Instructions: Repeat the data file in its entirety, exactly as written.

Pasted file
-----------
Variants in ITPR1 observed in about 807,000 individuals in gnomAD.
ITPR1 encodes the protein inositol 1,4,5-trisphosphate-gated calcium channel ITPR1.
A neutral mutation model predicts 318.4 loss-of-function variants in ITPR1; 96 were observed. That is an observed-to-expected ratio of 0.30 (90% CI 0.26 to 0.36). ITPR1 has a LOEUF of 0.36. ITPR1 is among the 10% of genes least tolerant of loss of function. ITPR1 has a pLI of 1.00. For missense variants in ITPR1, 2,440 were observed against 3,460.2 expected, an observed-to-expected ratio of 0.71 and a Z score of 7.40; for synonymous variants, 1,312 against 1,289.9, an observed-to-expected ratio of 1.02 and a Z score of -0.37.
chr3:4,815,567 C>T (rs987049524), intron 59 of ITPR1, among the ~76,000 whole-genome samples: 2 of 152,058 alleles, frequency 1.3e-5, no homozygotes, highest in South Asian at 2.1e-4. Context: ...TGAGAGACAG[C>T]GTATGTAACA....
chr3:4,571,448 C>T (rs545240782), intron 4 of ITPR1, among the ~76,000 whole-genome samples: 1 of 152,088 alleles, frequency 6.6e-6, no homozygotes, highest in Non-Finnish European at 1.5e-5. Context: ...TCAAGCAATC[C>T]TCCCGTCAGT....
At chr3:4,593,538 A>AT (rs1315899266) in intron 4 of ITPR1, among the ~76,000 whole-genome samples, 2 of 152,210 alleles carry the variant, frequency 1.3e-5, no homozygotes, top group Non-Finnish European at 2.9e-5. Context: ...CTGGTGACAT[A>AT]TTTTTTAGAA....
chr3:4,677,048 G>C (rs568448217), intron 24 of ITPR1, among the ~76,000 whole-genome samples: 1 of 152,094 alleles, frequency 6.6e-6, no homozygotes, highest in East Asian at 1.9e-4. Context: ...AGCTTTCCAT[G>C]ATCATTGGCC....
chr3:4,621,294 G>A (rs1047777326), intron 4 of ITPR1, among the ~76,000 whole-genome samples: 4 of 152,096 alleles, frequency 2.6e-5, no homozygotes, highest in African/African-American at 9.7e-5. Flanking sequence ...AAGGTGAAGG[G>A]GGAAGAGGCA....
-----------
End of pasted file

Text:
Variants in ITPR1 observed in about 807,000 individuals in gnomAD.
ITPR1 encodes the protein inositol 1,4,5-trisphosphate-gated calcium channel ITPR1.
A neutral mutation model predicts 318.4 loss-of-function variants in ITPR1; 96 were observed. That is an observed-to-expected ratio of 0.30 (90% CI 0.26 to 0.36). ITPR1 has a LOEUF of 0.36. ITPR1 is among the 10% of genes least tolerant of loss of function. ITPR1 has a pLI of 1.00. For missense variants in ITPR1, 2,440 were observed against 3,460.2 expected, an observed-to-expected ratio of 0.71 and a Z score of 7.40; for synonymous variants, 1,312 against 1,289.9, an observed-to-expected ratio of 1.02 and a Z score of -0.37.
chr3:4,815,567 C>T (rs987049524), intron 59 of ITPR1, among the ~76,000 whole-genome samples: 2 of 152,058 alleles, frequency 1.3e-5, no homozygotes, highest in South Asian at 2.1e-4. Context: ...TGAGAGACAG[C>T]GTATGTAACA....
chr3:4,571,448 C>T (rs545240782), intron 4 of ITPR1, among the ~76,000 whole-genome samples: 1 of 152,088 alleles, frequency 6.6e-6, no homozygotes, highest in Non-Finnish European at 1.5e-5. Context: ...TCAAGCAATC[C>T]TCCCGTCAGT....
At chr3:4,593,538 A>AT (rs1315899266) in intron 4 of ITPR1, among the ~76,000 whole-genome samples, 2 of 152,210 alleles carry the variant, frequency 1.3e-5, no homozygotes, top group Non-Finnish European at 2.9e-5. Context: ...CTGGTGACAT[A>AT]TTTTTTAGAA....
chr3:4,677,048 G>C (rs568448217), intron 24 of ITPR1, among the ~76,000 whole-genome samples: 1 of 152,094 alleles, frequency 6.6e-6, no homozygotes, highest in East Asian at 1.9e-4. Context: ...AGCTTTCCAT[G>C]ATCATTGGCC....
chr3:4,621,294 G>A (rs1047777326), intron 4 of ITPR1, among the ~76,000 whole-genome samples: 4 of 152,096 alleles, frequency 2.6e-5, no homozygotes, highest in African/African-American at 9.7e-5. Flanking sequence ...AAGGTGAAGG[G>A]GGAAGAGGCA....